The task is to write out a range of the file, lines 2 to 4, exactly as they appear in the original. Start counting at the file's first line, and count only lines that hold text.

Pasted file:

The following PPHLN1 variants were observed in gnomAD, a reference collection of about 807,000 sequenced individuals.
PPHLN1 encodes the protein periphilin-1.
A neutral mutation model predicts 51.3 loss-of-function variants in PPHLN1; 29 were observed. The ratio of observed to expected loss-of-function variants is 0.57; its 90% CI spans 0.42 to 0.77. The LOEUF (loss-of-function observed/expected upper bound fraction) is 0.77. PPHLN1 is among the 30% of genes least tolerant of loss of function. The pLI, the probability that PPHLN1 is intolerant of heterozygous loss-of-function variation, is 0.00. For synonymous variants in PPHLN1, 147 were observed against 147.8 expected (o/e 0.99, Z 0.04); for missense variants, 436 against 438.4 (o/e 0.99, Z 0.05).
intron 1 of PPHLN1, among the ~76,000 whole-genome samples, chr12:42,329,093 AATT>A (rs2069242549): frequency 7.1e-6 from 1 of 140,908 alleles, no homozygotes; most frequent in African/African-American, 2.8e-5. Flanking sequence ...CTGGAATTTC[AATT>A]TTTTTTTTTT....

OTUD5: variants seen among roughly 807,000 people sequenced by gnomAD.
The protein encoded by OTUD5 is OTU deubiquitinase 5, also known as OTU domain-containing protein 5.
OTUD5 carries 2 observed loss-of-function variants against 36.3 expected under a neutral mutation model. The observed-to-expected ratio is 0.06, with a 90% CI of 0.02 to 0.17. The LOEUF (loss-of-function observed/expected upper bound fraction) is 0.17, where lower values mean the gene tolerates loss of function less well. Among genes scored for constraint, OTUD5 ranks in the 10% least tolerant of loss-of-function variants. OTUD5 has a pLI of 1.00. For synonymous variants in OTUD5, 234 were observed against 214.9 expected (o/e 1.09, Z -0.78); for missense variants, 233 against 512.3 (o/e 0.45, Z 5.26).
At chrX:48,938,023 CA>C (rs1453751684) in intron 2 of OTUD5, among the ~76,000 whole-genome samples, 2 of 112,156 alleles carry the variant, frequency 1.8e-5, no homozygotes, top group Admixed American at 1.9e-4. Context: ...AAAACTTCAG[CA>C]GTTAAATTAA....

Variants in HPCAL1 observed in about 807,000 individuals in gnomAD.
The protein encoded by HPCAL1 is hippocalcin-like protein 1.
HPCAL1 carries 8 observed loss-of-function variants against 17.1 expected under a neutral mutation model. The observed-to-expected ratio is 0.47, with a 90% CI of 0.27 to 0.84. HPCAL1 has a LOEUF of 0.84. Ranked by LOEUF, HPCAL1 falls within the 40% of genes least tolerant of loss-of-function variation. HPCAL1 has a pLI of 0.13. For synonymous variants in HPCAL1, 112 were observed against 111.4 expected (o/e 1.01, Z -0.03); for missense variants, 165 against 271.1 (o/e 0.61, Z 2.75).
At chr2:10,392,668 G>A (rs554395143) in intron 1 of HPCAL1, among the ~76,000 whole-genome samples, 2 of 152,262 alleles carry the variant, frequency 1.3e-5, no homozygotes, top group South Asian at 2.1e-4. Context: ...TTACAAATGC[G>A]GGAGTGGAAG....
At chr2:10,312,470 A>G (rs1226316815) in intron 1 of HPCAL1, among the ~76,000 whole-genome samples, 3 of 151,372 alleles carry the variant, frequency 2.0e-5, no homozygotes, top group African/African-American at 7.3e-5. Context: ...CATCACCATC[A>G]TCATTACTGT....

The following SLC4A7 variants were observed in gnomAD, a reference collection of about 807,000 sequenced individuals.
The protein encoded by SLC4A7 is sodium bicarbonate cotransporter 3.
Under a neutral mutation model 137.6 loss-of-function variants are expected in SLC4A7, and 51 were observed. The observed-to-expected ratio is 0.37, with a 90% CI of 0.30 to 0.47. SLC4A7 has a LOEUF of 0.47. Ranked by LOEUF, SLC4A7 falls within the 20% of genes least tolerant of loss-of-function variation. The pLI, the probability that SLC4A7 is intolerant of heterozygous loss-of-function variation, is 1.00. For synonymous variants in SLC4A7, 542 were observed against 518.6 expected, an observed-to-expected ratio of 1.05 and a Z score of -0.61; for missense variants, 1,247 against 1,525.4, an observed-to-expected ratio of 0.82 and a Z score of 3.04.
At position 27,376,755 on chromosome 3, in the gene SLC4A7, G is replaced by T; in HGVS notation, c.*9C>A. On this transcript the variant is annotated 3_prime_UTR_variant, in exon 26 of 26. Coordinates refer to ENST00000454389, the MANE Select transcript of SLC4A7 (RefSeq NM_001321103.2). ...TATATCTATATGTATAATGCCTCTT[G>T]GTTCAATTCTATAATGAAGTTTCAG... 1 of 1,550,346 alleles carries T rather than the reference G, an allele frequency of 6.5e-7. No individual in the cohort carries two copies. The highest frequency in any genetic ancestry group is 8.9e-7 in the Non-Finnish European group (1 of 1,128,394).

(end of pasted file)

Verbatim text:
PPHLN1 encodes the protein periphilin-1.
A neutral mutation model predicts 51.3 loss-of-function variants in PPHLN1; 29 were observed. The ratio of observed to expected loss-of-function variants is 0.57; its 90% CI spans 0.42 to 0.77. The LOEUF (loss-of-function observed/expected upper bound fraction) is 0.77. PPHLN1 is among the 30% of genes least tolerant of loss of function. The pLI, the probability that PPHLN1 is intolerant of heterozygous loss-of-function variation, is 0.00. For synonymous variants in PPHLN1, 147 were observed against 147.8 expected (o/e 0.99, Z 0.04); for missense variants, 436 against 438.4 (o/e 0.99, Z 0.05).
intron 1 of PPHLN1, among the ~76,000 whole-genome samples, chr12:42,329,093 AATT>A (rs2069242549): frequency 7.1e-6 from 1 of 140,908 alleles, no homozygotes; most frequent in African/African-American, 2.8e-5. Flanking sequence ...CTGGAATTTC[AATT>A]TTTTTTTTTT....